Wrapping one’s mind around diet nutrition can sometimes be confusing. For instance, a 120-pound fifteen-year-old girl will not need as many calories as a 220-pound twenty-five-year-old man. To further confuse matters, that 120-pound fifteen-year-old girl’s 150-pound peer of the same age will need more calories. A fifteen-year-old girl with juvenile diabetes will have an entirely different set of nutritional needs as well. Online, there are many resources and tools to help the average American figure out what his or her dietary needs are, depending on height, weight and level of physical activity.
The “2005 Dietary Guidelines for Americans” are the most current recommendations for diet nutrition, at least until the 2010 edition comes out. According to the guidelines, a “healthy diet” is one that is full of fruits, vegetables, whole grains and low-fat dairy products, including lean protein like poultry and fish, beans, eggs and nuts, and is low in saturated fats, trans fats, cholesterol, sodium and sugar.
Consumers are encouraged to make smart choices and eat a wide variety of foods, while staying within the caloric needs for their height and weight. Each day, Americans should be consuming calories, amino acids, essential fatty acids, minerals and vitamins. While requirements change for people depending upon their size and level of physical activity, the average person consumes around 50 grams of fat and 2,000 calories per day to remain at a stable weight.
For someone with type 1 or type 2 diabetes, the normal dietary rules may not apply. Generally, most diabetics will need to reduce the amount of fat consumed (particularly saturated fat), quit smoking and reduce alcohol consumption to no more than 3 or 4 per day. Diets should be rich in mono-unsaturated fats (like olive oil), oily fish, starchy whole grain carbohydrates (bread, pasta, potatoes, rice, cereal), and fresh fruits and vegetables.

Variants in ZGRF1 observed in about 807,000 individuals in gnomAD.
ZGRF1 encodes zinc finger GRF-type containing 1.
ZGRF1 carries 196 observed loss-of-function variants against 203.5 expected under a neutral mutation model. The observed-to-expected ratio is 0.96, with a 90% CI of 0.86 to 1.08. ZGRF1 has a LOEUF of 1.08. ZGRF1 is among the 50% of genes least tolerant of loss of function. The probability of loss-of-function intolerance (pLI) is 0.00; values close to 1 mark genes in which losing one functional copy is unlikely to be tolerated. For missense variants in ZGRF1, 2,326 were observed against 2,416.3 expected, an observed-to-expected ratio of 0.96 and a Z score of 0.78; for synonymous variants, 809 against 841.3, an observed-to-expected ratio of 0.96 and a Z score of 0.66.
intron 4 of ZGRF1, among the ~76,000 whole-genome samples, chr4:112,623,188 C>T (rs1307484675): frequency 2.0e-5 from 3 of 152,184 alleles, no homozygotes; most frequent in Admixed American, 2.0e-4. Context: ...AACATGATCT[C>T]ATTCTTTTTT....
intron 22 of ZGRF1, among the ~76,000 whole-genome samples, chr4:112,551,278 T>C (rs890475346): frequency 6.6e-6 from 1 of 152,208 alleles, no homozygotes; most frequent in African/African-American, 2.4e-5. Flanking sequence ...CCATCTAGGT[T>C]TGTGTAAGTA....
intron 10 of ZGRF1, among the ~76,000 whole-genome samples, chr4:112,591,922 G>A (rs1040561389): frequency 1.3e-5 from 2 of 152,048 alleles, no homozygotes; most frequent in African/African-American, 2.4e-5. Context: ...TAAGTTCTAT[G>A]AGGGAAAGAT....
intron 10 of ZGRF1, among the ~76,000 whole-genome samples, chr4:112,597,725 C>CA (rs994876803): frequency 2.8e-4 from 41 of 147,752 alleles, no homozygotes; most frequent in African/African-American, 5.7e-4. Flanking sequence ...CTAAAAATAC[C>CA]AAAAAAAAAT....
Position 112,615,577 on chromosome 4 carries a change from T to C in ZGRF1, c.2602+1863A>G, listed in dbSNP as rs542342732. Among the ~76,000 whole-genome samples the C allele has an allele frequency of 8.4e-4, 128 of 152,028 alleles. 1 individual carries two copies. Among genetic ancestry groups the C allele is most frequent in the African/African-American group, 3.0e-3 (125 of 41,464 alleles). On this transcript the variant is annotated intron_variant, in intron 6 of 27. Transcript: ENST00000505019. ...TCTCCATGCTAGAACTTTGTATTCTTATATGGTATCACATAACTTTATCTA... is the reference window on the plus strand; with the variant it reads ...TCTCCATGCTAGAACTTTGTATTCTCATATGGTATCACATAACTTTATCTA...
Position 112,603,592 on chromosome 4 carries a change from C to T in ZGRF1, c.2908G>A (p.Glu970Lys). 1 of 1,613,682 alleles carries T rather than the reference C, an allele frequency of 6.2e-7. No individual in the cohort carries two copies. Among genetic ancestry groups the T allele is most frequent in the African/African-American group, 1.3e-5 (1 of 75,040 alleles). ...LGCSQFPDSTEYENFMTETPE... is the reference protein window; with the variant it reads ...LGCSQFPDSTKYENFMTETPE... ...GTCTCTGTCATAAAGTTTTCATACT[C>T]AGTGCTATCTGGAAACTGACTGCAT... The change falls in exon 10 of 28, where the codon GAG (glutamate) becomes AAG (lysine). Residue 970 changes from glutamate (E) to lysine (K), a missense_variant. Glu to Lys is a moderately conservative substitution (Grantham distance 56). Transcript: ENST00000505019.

A diabetic will need to check his or her blood sugar level before eating to see that it’s 70 to 130 and then again a few hours after eating to make sure it’s below 180. People with low blood sugar will need to have certain snacks handy, like fruit juice, hard candy, sugar or honey, soft drinks and milk. Small or medium sized women should eat 1,200 to 1,600 calories per day (6 starch, 3 vegetables, 2 fruits, 2 milks, 4-6 ounces protein and up to 3 fats). Larger women or small to medium sized men should have 1,600 to 2,000 calories (8 starch, 4 vegetables, 3 fruits, 2 milks, 4-6 ounces protein and up to 4 fats). For more information, check out the Diabetes Food Pyramid at Nih.
Americans seeking counseling on their dietary habits, whether they wish to gain or lose weight, can find assistance online. Websites like Shapeup or Eatright focus on consumer education centered on diet and weight loss. The National Institute of Health offers information on the 2005 guidelines and Food Pyramid at Nutrition website. Several nation-wide programs can help dieters find greater online support and practical resources at Fitday, Weightwatchers, Sparkpeople, Ediets, Mywebmd Nutrition, Nutricise, Changeone, Cyberdiet or Caloriescount.
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